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PostPosted: Wed Dec 12, 2012 20:37 pm 
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Joined: Thu Nov 04, 2010 14:56 pm
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Real Name: Nigel
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Can anyone tell me whether or not Home Guards were issued with cap comforters, please?

I'm aware that the Auxiliary units had them, but I portray 'standard' Home Guard, and haven't seen any photos of them being worn.

I have a comforter and am doing an outside HG event this weekend and wish to keep warm (but authentic!).

Cheers,

Nigel


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PostPosted: Thu Dec 13, 2012 13:57 pm 
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Joined: Fri Dec 14, 2007 13:24 pm
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Location: Leicester, UK
Real Name: Austin J. Ruddy
Group: Leicestershire Home Guard Remembrance
As with all things HG, it's difficult to say they *never* had them, because it was purely dependent on what their local TA Association could supply them with.

In my book on the Leicestershire and Rutland Home Guard ('To The Last Round'), there is a photo of Leicestershire HGs on a countywide exercise in 1943 wearing cap comforters. There is also a photo of Essex HGs in Warmen Courageous wearing them. IN both cases, they are HG fighting patrols/mobile squads (or as they liked to be known 'HG Commandos'). It made HGs feel more like the commandos they wanted to emulate.

So on short, yes you can wear one

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PostPosted: Thu Dec 13, 2012 18:05 pm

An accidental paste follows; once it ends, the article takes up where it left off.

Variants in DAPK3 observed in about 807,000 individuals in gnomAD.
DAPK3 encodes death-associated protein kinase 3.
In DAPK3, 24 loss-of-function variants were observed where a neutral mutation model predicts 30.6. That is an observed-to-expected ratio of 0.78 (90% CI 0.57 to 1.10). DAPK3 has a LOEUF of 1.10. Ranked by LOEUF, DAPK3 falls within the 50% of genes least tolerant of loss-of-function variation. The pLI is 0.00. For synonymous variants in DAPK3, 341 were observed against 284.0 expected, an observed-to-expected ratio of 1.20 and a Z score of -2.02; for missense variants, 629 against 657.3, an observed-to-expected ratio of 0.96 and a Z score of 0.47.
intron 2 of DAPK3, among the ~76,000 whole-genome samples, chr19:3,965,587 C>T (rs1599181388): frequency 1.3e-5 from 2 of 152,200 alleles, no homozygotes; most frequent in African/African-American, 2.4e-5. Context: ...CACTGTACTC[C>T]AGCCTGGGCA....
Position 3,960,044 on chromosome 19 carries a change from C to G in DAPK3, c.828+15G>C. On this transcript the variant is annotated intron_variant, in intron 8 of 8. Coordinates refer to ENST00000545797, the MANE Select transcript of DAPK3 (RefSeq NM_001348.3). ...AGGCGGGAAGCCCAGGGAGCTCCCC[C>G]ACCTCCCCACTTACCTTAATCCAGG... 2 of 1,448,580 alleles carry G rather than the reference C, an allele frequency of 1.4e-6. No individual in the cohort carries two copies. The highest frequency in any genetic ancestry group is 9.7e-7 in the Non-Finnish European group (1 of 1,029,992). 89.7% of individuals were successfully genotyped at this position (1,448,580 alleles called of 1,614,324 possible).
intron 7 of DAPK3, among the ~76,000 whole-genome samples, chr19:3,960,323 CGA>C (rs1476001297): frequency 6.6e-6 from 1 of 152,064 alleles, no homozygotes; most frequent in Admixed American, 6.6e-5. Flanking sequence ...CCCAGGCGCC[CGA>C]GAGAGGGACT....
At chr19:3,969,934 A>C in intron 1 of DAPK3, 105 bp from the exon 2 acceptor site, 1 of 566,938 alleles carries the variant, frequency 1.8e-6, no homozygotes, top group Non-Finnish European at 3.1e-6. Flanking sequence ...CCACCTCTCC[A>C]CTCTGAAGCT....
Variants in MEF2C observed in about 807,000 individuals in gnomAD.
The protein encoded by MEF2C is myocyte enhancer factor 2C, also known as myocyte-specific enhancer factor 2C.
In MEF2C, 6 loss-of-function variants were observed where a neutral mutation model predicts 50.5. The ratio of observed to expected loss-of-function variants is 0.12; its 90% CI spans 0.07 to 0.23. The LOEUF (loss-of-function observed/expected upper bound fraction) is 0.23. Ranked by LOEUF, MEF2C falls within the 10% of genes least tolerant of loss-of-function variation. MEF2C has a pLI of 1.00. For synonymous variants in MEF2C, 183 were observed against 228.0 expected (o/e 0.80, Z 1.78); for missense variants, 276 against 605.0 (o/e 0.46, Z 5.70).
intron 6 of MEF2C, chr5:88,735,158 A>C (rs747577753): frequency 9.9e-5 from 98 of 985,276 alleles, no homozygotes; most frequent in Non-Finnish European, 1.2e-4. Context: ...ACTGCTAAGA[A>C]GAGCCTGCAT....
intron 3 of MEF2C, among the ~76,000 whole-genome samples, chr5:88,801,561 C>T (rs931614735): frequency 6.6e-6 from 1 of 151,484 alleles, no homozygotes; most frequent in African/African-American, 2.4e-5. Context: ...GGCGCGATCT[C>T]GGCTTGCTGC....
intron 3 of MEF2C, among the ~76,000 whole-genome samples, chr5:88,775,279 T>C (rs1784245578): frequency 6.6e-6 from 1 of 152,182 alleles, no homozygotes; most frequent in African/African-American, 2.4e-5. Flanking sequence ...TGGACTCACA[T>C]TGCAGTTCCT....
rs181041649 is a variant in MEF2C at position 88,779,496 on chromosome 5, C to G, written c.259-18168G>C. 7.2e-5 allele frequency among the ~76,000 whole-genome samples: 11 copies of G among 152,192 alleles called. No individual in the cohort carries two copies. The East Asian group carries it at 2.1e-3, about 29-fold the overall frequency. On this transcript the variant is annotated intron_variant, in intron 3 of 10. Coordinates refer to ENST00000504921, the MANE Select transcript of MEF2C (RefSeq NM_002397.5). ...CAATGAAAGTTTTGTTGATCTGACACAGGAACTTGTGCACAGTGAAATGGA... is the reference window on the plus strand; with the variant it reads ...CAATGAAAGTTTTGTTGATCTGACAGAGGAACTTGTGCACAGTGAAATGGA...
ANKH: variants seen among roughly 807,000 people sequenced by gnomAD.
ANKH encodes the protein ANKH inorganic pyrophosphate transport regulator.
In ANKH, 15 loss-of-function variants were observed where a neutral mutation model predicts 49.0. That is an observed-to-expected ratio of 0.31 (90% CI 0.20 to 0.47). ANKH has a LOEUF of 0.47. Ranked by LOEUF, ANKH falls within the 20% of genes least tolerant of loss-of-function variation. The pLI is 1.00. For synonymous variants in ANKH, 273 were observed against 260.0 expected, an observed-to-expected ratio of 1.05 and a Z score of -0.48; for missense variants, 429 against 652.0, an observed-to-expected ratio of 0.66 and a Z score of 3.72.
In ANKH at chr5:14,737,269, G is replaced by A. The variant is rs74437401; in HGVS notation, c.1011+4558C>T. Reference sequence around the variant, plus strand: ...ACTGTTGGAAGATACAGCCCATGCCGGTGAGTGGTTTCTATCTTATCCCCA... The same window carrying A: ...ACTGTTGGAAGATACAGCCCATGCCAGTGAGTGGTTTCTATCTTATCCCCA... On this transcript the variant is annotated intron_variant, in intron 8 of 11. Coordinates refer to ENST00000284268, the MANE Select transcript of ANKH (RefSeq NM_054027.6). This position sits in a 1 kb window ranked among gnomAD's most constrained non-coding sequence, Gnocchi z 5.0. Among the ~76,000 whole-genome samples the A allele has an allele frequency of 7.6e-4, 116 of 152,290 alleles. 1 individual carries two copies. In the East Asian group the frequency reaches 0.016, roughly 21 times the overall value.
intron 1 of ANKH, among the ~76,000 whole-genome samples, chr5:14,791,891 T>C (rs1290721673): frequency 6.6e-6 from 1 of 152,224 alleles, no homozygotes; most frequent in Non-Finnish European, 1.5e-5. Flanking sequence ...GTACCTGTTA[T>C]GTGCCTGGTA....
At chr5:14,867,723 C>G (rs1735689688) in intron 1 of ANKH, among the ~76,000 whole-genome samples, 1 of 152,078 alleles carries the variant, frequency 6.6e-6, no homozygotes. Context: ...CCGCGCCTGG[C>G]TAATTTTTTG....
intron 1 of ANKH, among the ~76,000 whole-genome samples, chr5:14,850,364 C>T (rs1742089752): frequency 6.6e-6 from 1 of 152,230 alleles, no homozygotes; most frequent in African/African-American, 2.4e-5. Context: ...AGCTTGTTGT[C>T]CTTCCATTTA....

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Thanks Austin!

Very helpful of you: Evidence is everything!

Cheers,

Nigel


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PostPosted: Thu Dec 13, 2012 19:37 pm 
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Joined: Mon Jun 27, 2011 15:43 pm
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Real Name: Barry Quilliam
Group: Isle of Man Home Guard Re-enactment Society
Hello!

Most HGs worn home knitted/ private purcahased balacavas, gloves and scarfes, I have an orginal set which came with a complete uniform.

regards

Baz


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PostPosted: Fri Dec 14, 2012 11:11 am 
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Real Name: Andy
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LEI-12-HG wrote:
they are HG fighting patrols/mobile squads (or as they liked to be known 'HG Commandos'). It made HGs feel more like the commandos they wanted to emulate.


Yes and this is different to other "load outs"... it will contain stuff like fighting knives, toggle ropes, bags of bombs, "blacking up" etc

Not your usual Home Guard look at all.

Few people realise that they deployed such squads, which is different to the normal point defence type roles.

Very common though and not to be confused with Aux.

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PostPosted: Fri Dec 14, 2012 16:03 pm 
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Thanks chaps!


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PostPosted: Fri Dec 14, 2012 17:17 pm 
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Joined: Wed Oct 29, 2008 20:30 pm
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Location: North Yorkshire
Real Name: Sam Blakeborough
Group: Pontefract Home Guard. NWW2A, BF80
Cap comforters are a very common issue to most troops. Home guards included
Sam

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PostPosted: Fri Dec 14, 2012 17:26 pm 
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Location: Leicester, UK
Real Name: Austin J. Ruddy
Group: Leicestershire Home Guard Remembrance
sjb york wrote:
Cap comforters are a very common issue to most troops. Home guards included